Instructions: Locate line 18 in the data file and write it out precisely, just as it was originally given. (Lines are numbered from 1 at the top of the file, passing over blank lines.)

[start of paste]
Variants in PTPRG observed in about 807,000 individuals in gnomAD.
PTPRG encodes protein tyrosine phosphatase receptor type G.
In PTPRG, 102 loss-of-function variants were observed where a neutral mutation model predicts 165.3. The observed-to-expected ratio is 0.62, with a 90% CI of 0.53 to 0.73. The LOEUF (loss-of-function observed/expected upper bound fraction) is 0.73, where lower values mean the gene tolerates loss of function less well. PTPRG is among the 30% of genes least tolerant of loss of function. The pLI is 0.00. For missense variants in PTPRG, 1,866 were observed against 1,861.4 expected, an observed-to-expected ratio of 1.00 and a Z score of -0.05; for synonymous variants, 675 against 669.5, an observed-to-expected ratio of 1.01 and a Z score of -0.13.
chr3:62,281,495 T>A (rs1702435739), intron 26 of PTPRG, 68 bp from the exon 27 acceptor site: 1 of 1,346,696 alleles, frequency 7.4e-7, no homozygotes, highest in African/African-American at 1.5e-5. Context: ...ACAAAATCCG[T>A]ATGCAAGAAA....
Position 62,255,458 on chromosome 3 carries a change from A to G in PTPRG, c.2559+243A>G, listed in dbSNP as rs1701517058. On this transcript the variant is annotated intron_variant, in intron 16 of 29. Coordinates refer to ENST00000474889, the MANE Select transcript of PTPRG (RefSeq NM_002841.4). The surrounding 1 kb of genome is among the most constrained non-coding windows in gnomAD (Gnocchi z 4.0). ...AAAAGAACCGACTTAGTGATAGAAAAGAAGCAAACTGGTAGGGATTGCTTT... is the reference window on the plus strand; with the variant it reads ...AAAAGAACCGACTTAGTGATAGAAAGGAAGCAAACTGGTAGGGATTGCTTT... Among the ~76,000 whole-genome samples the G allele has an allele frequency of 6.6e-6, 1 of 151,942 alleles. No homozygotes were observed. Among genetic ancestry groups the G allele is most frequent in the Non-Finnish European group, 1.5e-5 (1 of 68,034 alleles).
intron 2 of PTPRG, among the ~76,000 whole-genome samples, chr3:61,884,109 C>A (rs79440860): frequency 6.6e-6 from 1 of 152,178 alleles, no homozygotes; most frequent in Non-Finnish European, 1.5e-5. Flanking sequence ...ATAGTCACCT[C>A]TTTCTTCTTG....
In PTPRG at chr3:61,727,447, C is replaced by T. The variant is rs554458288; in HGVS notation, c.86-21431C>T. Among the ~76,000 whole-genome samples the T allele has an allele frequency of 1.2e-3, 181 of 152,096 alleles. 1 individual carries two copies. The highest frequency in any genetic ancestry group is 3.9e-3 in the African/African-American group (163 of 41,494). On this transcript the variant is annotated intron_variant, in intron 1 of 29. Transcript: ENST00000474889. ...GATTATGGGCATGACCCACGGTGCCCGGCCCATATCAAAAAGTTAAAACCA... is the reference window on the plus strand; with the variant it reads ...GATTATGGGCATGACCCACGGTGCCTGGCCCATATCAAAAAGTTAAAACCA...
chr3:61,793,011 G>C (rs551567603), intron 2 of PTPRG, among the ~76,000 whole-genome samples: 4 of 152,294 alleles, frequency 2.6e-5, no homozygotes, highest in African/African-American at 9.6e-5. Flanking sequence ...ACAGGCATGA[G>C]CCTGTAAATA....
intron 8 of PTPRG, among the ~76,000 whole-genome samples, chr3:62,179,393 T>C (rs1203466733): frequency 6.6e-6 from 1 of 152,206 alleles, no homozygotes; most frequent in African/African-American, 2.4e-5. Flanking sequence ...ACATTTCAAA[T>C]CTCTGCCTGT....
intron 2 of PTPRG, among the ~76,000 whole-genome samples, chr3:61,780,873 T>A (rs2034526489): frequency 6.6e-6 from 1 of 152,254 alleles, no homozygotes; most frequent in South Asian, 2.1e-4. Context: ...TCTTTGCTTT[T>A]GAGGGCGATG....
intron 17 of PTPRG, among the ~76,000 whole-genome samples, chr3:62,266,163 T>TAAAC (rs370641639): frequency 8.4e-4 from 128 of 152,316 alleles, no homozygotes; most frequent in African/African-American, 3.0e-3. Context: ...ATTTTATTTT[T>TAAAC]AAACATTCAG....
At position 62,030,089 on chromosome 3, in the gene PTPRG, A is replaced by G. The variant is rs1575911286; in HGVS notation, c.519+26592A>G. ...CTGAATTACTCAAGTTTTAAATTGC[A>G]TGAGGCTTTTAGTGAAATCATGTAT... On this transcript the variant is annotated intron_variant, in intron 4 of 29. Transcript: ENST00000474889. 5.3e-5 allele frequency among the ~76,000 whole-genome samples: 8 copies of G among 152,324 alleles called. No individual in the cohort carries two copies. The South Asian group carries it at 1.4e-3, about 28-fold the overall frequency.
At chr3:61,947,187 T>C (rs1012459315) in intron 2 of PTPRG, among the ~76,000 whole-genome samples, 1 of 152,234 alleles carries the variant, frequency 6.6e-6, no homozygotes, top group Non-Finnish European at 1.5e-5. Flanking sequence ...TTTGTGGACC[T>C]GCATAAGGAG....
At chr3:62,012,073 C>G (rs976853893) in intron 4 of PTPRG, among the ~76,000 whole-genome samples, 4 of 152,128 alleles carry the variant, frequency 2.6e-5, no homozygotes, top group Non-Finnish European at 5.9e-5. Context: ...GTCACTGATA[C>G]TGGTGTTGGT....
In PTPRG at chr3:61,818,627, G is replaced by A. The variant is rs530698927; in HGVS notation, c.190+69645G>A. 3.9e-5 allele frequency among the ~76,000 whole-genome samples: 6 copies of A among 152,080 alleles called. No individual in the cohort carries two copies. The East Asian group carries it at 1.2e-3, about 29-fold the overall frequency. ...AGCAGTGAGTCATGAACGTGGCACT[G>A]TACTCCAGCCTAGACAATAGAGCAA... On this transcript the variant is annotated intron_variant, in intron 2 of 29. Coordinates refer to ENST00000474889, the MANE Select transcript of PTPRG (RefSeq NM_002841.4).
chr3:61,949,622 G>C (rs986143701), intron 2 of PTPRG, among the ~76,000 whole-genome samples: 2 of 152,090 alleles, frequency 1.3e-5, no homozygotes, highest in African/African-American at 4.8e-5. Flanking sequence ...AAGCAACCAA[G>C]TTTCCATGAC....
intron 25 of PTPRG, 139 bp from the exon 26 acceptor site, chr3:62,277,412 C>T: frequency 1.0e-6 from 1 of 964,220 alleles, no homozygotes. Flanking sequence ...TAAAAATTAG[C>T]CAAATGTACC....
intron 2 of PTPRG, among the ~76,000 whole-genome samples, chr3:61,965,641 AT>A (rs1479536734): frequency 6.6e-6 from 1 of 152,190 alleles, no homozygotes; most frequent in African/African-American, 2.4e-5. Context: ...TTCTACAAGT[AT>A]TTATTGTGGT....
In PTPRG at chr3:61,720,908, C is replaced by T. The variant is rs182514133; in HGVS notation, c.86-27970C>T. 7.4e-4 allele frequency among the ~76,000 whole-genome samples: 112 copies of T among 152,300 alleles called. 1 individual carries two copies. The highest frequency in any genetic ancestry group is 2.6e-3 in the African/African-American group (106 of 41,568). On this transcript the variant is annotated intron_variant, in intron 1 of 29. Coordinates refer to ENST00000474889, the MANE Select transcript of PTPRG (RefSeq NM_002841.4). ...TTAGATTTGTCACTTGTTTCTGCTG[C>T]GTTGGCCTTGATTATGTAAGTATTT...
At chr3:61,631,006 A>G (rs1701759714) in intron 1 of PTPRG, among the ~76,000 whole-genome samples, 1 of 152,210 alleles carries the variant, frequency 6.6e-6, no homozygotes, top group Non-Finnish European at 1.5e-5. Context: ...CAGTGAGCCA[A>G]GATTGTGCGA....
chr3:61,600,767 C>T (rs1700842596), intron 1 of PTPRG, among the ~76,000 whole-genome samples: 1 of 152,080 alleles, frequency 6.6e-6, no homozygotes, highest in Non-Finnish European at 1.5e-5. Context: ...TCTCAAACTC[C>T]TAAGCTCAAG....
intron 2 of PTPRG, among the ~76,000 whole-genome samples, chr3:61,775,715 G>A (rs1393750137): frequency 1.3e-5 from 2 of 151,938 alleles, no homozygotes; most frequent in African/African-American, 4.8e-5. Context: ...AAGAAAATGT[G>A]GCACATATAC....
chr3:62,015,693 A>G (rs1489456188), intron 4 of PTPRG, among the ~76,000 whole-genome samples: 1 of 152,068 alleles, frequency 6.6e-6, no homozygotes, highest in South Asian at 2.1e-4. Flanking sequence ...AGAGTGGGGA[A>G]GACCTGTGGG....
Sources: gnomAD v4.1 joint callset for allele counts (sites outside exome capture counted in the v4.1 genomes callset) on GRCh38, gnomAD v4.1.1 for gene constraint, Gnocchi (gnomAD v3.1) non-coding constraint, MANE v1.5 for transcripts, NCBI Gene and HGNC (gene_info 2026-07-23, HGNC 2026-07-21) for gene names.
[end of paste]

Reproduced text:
intron 2 of PTPRG, among the ~76,000 whole-genome samples, chr3:61,965,641 AT>A (rs1479536734): frequency 6.6e-6 from 1 of 152,190 alleles, no homozygotes; most frequent in African/African-American, 2.4e-5. Context: ...TTCTACAAGT[AT>A]TTATTGTGGT....